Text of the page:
With the emergence of digital assets, the question has arisen whether digital assets held in “wallets” in foreign exchanges need to be reported on Internal Revenue Service (IRS) Form 8938, Statement of Specified Foreign Financial Assets. Form 8938 is the IRS counterpart for the FBAR, or Foreign Bank Report, which certain holders of foreign bank accounts must file with FinCEN. Form 8938 was added as part of the HIRE Act at the same time the Foreign Account Tax Compliance Act (commonly known as FATCA) was adopted in 2010. The penalty for a failure to file Form 8938 is $10,000. However, it is not clear that Form 8938 applies to digital assets.
The answer requires one to dig through the underlying statutes and the instructions to Form 8938. We start with Internal Revenue Code Section 6038D, which requires reporting of “specified foreign financial assets.” Under Code Section 6038D, a “specified foreign financial asset” is (1) a financial account maintained by a foreign financial institution and (2) one of the following foreign financial assets if they are held for investment and not held in an account maintained by a financial institution: (a) any stock or security issued by a person other than a United States person; (b) any financial instrument or contract held for investment that has an issuer or counterparty other than a United States person, and (c) any interest in a foreign entity. The term “financial account” means, with respect to any financial institution, (a) any depository account, (b) any custodial account and (c) any equity or debt interest in such financial institution (other than interests regularly traded on an established securities market).
One issue for digital asset holders is whether a person who holds such assets in a wallet maintained at a foreign exchange is holding an asset in a “foreign financial institution.” What is a financial institution? This is defined in Code Section 1471(d)(5) as an entity that (a) accepts deposits in the ordinary course of a banking or a similar business, (b) as a substantial portion of its business, holds “financial assets” for the account of the others, or (c) is engaged (or holds itself out as being engaged) primarily in the business of investing, reinvesting or trading in securities, partnership interests, commodities or any interests in such securities, partnership interests or commodities. A foreign financial institution includes investment vehicles such as foreign mutual funds, foreign hedge funds and foreign private equity funds. Very generally, financial assets are securities, commodities, notional principal contracts, insurance contracts, or annuity contracts or interests in any of the foregoing. Both the terms “security” and “commodity” are defined by reference to Code Section 475, a section of the Code that was adopted in 1993, preceding the emergence of digital assets. For example, gold is a commodity under this provision, and anyone holding gold in an offshore account would need to report the account. Should the same rules apply to bitcoin or bitcoin gold held in a wallet in an offshore exchange? The IRS has not yet taken a position on whether cryptocurrency is a security or a commodity, which it could do by a regulation or a notice. This is key to the analysis of whether or not the crypto exchange is a foreign financial institution.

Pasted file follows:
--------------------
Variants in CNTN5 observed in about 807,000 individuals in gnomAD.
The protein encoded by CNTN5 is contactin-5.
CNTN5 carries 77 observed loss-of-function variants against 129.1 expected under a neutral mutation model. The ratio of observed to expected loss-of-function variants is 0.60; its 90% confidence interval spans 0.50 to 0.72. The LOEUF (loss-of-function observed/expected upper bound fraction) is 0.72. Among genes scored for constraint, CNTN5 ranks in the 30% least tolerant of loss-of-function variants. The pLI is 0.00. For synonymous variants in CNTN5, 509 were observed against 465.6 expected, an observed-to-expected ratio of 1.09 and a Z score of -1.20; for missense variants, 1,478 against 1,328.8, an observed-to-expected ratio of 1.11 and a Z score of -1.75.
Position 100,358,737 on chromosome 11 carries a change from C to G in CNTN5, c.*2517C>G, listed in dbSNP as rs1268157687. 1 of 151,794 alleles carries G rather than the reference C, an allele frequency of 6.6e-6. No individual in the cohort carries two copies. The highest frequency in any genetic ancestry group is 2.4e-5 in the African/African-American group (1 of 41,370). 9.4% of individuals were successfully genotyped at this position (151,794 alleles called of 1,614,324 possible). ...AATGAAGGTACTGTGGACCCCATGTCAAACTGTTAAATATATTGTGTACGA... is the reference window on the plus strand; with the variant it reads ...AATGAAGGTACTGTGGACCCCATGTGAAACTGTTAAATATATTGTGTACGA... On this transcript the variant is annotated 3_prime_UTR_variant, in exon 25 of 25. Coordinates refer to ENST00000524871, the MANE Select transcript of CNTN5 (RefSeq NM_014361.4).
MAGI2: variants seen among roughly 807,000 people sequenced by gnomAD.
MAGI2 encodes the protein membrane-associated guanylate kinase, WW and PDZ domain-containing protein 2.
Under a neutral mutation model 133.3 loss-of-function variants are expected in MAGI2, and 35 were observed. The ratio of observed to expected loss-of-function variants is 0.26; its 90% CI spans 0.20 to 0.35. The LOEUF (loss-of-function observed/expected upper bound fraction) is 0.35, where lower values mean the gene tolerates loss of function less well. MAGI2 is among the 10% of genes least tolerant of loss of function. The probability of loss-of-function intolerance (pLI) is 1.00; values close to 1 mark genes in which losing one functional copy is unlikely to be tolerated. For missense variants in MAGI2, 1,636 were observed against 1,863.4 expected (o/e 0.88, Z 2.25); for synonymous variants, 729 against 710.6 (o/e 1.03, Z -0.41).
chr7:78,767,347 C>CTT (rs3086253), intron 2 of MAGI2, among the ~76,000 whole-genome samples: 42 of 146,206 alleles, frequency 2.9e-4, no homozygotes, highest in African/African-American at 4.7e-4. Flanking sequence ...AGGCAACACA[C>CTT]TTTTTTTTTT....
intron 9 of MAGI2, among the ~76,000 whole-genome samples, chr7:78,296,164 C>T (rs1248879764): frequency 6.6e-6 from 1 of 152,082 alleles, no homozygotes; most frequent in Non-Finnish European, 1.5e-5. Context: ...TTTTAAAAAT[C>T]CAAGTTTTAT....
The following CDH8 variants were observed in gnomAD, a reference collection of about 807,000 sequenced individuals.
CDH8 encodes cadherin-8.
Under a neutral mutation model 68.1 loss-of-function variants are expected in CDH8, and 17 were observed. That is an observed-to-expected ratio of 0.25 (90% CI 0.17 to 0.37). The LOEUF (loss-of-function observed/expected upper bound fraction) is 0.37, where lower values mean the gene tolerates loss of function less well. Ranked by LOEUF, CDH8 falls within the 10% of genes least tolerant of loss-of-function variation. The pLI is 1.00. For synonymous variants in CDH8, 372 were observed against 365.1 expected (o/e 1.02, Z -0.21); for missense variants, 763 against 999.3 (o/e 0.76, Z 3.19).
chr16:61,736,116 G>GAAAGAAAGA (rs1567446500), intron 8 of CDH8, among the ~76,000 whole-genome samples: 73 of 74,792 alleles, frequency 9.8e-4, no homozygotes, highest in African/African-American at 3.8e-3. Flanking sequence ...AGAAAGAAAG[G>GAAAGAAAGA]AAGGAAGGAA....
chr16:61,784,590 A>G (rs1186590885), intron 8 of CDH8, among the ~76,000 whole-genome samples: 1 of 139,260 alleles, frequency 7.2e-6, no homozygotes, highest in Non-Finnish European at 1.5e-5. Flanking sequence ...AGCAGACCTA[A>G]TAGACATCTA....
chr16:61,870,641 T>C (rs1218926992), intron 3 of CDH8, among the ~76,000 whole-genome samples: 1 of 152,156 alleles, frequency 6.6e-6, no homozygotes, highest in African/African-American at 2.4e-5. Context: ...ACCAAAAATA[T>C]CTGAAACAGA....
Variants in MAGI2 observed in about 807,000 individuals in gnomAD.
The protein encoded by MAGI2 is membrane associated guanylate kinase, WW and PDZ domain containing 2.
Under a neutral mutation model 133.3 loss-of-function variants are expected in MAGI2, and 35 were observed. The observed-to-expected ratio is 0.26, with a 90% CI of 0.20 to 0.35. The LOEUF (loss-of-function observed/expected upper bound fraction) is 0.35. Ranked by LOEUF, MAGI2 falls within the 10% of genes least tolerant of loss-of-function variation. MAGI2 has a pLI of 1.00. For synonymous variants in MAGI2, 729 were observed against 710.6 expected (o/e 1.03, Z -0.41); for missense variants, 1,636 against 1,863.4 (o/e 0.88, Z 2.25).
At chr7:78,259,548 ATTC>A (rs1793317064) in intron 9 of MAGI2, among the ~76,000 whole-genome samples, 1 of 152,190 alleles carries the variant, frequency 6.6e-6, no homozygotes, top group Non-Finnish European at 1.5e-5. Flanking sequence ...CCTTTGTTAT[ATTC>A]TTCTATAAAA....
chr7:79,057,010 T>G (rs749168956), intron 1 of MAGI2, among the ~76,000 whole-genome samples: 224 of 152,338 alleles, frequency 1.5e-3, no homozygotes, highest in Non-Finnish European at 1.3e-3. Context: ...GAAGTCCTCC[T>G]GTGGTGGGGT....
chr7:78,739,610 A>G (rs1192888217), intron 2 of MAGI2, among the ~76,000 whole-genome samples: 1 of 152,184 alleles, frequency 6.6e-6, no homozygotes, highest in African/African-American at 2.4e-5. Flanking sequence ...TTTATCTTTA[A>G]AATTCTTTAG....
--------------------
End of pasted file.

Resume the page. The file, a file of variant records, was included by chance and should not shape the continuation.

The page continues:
At least one recent, unofficial statement provides insight into the IRS’s thinking on the reporting obligation on Form 8938. Recently, according to Tax Notes, an IRS official was asked if the IRS will assess penalties against taxpayers who haven’t been disclosing digital assets on Form 8938, and the official responded that, if taxpayers had been reporting taxable cryptocurrency transactions on their returns during prior years and properly filed Form 8938 going forward, the IRS probably would not pursue them for prior tax years. Of course, this is merely an unofficial statement, and the IRS could formally decide otherwise or examiners could take different positions during the course of an exam. Either way, taxpayers that have not been reporting their cryptocurrency transactions should file Form 8938 as soon as possible and consider filing amended returns.
Information reporting is certainly a key issue for the IRS that will drive the tax compliance process. In a sign of the attention that the IRS is giving to the reporting, the draft version of IRS Form 1040, Schedule 1, now includes a question regarding financial interests in “virtual currencies,” much like the question relating to ownership of foreign bank accounts presently on Schedule B.